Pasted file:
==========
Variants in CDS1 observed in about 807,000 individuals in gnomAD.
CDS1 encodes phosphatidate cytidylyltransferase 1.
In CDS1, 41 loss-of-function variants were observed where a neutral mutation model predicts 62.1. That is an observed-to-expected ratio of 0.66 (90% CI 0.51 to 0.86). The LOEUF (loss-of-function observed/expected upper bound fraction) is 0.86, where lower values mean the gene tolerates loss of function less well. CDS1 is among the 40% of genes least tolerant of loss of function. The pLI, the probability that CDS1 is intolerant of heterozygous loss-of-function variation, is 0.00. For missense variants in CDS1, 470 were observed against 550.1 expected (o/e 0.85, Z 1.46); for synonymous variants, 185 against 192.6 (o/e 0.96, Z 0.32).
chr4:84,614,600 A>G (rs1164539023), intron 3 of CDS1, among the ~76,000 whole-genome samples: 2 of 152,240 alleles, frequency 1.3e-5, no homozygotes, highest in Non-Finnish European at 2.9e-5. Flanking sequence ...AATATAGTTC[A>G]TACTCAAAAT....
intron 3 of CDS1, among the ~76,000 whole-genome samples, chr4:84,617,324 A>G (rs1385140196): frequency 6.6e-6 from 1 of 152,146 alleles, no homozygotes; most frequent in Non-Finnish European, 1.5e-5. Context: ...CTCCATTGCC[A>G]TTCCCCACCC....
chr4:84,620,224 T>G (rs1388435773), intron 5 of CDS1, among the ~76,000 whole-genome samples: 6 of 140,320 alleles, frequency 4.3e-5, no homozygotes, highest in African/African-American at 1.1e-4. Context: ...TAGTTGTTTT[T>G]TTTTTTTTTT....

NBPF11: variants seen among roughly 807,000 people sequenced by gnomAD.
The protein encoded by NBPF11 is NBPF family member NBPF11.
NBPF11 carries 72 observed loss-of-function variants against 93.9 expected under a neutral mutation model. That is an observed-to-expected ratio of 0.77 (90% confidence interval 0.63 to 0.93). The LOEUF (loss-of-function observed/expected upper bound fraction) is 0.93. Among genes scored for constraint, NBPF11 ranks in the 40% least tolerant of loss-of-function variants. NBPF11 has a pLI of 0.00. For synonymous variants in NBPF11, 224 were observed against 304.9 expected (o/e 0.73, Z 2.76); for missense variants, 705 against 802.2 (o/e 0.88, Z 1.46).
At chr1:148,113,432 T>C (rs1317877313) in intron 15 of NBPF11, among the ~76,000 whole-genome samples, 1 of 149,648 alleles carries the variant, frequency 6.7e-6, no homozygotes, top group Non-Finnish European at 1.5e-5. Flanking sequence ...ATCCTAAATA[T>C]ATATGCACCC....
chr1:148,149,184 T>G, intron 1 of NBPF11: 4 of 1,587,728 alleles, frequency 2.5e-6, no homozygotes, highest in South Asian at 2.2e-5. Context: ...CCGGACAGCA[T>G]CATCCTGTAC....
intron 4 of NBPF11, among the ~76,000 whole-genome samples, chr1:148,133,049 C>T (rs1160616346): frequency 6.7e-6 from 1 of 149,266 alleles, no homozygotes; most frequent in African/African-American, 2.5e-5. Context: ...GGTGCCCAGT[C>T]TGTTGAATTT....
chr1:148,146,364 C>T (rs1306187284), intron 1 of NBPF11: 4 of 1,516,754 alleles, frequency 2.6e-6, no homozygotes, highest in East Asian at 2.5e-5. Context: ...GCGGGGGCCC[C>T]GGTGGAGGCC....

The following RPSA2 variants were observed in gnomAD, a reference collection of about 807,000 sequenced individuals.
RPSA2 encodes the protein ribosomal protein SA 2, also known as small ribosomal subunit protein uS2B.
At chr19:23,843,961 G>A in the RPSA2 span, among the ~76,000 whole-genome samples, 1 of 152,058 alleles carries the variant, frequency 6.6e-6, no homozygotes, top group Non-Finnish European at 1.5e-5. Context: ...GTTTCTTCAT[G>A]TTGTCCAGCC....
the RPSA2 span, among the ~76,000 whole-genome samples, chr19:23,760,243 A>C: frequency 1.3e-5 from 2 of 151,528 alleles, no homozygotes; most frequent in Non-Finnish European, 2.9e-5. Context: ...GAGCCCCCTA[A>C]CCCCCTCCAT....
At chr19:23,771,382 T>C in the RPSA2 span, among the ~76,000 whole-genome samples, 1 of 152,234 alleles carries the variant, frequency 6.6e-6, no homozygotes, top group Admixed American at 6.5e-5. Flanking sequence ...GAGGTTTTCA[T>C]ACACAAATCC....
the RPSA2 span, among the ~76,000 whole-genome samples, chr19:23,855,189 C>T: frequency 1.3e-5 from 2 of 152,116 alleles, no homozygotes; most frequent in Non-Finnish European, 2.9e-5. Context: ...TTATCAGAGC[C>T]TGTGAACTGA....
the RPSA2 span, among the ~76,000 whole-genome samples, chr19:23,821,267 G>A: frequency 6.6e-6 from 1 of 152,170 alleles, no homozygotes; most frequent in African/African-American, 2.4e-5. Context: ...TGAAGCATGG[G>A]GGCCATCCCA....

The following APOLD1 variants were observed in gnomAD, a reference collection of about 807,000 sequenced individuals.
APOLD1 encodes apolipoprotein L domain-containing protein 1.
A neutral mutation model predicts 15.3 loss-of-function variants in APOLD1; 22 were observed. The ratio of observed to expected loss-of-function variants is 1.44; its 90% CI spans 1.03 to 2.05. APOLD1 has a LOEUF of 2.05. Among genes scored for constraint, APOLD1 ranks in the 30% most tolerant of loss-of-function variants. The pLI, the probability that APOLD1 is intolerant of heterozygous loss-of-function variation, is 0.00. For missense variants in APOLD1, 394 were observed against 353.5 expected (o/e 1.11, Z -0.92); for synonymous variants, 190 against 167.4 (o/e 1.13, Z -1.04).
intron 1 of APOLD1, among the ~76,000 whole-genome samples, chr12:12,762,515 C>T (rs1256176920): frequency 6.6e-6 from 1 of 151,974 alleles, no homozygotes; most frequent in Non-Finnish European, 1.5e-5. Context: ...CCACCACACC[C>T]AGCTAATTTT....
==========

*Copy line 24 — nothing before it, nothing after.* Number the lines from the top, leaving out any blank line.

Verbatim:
intron 1 of APOLD1, among the ~76,000 whole-genome samples, chr12:12,762,515 C>T (rs1256176920): frequency 6.6e-6 from 1 of 151,974 alleles, no homozygotes; most frequent in Non-Finnish European, 1.5e-5. Context: ...CCACCACACC[C>T]AGCTAATTTT....